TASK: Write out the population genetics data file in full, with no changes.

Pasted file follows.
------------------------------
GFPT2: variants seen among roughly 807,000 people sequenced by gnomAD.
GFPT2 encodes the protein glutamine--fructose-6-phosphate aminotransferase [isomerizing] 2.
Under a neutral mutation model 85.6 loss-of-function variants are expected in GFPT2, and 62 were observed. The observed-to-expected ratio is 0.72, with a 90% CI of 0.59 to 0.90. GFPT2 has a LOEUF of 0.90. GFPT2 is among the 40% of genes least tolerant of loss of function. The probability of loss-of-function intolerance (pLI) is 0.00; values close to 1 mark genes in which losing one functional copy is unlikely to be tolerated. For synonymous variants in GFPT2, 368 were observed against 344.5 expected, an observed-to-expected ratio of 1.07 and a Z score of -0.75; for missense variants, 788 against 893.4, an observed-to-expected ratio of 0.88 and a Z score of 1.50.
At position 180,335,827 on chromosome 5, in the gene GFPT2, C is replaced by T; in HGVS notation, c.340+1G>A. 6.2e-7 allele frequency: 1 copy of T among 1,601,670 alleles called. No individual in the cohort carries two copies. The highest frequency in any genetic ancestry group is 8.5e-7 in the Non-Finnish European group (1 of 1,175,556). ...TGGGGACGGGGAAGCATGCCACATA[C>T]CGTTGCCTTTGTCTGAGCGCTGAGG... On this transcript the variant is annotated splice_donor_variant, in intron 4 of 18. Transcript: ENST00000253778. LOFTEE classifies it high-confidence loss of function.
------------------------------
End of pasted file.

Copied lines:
GFPT2: variants seen among roughly 807,000 people sequenced by gnomAD.
GFPT2 encodes the protein glutamine--fructose-6-phosphate aminotransferase [isomerizing] 2.
Under a neutral mutation model 85.6 loss-of-function variants are expected in GFPT2, and 62 were observed. The observed-to-expected ratio is 0.72, with a 90% CI of 0.59 to 0.90. GFPT2 has a LOEUF of 0.90. GFPT2 is among the 40% of genes least tolerant of loss of function. The probability of loss-of-function intolerance (pLI) is 0.00; values close to 1 mark genes in which losing one functional copy is unlikely to be tolerated. For synonymous variants in GFPT2, 368 were observed against 344.5 expected, an observed-to-expected ratio of 1.07 and a Z score of -0.75; for missense variants, 788 against 893.4, an observed-to-expected ratio of 0.88 and a Z score of 1.50.
At position 180,335,827 on chromosome 5, in the gene GFPT2, C is replaced by T; in HGVS notation, c.340+1G>A. 6.2e-7 allele frequency: 1 copy of T among 1,601,670 alleles called. No individual in the cohort carries two copies. The highest frequency in any genetic ancestry group is 8.5e-7 in the Non-Finnish European group (1 of 1,175,556). ...TGGGGACGGGGAAGCATGCCACATA[C>T]CGTTGCCTTTGTCTGAGCGCTGAGG... On this transcript the variant is annotated splice_donor_variant, in intron 4 of 18. Transcript: ENST00000253778. LOFTEE classifies it high-confidence loss of function.